Mist Mist is a now deprecated Ethereum dApp browser and wallet


Parity wallet (non custodial)

Another deprecated solution that used to be very nice.

parity wallet

Metamask (non custodial)

Available on MacOS | Linux | WIN .

Metamask is available on Chromium based browsers such as Brave and Chrome. It is also available for other browsers such as Firefox and can inject a some javascripts into your regular browser, allowing it to become a dApp browser as well.


Cipher (non custodial)

Available for Android | iPhone.

I carry Cipher around in my pocket for a long time and the reason is that they started with a quality App also covering mainnet but also all the testnets. That made it for me the perfect experimentation platform. The support of fingerprint makes it also very easy to use.


Coinbase Wallet (non custodial)

Available for Android | iPhone . While Coinbase proposes custodial services, they also provide a non custodial wallet (formerly known as Toshi) and a very easy transition path between their custodial solution and this new Coinbase Wallet. While one can argue on the centralized nature of Coinbase, it remains a rather easy and safe solution to get started. Coinbase also proposes a few online self-learning option that will help you get started and understand various aspects of Blockchain.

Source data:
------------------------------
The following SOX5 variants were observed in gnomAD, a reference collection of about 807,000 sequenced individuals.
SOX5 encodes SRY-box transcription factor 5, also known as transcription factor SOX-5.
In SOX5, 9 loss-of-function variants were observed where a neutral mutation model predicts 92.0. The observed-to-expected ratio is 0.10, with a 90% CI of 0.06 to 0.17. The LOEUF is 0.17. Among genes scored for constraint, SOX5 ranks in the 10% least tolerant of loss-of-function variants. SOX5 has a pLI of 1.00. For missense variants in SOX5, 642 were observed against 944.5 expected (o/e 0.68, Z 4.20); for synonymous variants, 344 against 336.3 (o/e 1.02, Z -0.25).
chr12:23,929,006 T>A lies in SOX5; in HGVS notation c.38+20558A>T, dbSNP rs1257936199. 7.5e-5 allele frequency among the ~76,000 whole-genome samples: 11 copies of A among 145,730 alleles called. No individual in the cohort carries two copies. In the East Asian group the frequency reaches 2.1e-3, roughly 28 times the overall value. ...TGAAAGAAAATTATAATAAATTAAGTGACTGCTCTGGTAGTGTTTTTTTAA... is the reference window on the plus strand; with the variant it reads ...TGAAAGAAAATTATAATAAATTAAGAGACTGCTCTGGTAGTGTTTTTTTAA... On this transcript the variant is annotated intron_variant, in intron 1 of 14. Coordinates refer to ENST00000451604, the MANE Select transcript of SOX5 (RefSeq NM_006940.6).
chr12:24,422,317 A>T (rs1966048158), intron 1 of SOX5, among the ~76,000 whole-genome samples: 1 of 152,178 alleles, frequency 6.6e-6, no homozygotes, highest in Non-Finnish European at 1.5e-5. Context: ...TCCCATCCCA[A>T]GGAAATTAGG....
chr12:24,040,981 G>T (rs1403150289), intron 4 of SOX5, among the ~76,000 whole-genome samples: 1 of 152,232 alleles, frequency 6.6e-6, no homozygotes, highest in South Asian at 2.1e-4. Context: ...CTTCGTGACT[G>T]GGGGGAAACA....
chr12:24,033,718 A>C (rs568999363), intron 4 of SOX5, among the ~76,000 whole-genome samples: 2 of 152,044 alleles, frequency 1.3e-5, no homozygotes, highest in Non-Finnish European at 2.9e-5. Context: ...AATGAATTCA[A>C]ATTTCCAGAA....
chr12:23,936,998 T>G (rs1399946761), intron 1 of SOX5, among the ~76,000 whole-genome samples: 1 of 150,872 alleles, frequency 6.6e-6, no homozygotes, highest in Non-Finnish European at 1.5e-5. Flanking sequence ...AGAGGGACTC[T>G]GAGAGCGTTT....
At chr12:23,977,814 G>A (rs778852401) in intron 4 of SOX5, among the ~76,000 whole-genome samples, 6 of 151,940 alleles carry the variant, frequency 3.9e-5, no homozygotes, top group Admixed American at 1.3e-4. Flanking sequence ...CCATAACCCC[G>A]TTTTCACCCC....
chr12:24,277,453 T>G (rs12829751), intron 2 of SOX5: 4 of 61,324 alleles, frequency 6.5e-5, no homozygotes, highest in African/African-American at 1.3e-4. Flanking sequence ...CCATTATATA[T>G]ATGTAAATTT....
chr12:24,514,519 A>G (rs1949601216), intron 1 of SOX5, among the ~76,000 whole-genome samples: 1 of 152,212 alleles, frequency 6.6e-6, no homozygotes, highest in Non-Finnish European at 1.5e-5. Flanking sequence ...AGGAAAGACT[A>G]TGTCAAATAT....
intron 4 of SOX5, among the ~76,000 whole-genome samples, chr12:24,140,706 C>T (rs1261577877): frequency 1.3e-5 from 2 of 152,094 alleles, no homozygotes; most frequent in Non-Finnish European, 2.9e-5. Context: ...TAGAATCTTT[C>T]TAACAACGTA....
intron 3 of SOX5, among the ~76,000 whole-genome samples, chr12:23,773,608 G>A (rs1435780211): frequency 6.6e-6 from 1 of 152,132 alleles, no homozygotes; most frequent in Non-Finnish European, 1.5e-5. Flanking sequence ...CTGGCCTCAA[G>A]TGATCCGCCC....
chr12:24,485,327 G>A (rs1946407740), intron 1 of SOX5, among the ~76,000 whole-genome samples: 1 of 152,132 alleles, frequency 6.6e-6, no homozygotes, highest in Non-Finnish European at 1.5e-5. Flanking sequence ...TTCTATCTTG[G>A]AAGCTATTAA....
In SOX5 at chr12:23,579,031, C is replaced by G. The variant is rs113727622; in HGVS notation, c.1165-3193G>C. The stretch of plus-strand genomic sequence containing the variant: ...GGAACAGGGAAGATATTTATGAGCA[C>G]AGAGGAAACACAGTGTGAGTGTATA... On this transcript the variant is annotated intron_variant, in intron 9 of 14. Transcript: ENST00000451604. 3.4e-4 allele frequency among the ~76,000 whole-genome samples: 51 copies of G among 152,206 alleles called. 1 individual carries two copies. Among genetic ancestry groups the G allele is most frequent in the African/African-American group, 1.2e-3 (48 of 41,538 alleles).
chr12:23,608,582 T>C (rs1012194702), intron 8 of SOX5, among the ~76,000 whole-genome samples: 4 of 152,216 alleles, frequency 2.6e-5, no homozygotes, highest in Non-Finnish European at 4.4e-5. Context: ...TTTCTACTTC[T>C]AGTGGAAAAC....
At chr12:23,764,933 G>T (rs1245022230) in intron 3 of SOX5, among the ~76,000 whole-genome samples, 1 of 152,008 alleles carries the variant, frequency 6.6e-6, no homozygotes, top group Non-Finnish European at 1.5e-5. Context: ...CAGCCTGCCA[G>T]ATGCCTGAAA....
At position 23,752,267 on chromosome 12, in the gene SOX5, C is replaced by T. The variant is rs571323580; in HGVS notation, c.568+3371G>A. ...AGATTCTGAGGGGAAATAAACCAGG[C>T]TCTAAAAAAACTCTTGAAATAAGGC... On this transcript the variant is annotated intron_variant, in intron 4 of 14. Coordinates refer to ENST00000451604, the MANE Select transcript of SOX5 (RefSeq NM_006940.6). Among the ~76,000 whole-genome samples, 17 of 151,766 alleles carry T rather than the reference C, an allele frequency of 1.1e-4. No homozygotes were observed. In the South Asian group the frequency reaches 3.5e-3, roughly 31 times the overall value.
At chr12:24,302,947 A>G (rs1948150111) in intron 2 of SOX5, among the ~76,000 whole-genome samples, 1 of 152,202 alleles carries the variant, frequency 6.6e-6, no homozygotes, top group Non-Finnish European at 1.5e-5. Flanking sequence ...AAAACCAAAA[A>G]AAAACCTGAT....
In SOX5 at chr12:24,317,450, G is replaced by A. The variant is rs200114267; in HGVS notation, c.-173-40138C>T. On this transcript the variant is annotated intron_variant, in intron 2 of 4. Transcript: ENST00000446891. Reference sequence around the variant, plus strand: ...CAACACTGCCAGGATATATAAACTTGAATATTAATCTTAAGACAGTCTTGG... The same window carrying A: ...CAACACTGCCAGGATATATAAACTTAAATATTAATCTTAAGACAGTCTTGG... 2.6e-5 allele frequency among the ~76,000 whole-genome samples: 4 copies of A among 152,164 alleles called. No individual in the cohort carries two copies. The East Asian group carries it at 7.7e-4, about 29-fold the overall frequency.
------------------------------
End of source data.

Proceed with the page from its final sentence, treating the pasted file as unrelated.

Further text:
coinbase wallet

Status (non custodial)

Available for Android | iPhone.

Status.im is combining a wallet, a dApp browser as well as a decentralized chat system. That makes it a must-have. Status.im hat a rough start and many things were buggy or not usable but it has improved a lot since. The ability to chat with friend (or unknown contacts) to send or requests payments in ETH or other ERC20 tokens makes it an App well worth having.

status im

Hardware wallets support

All those wallets will help you make one or more Ethereum accounts. Some of the above listed solutions also allow you using hardware wallets or smart cards.

Be cautious!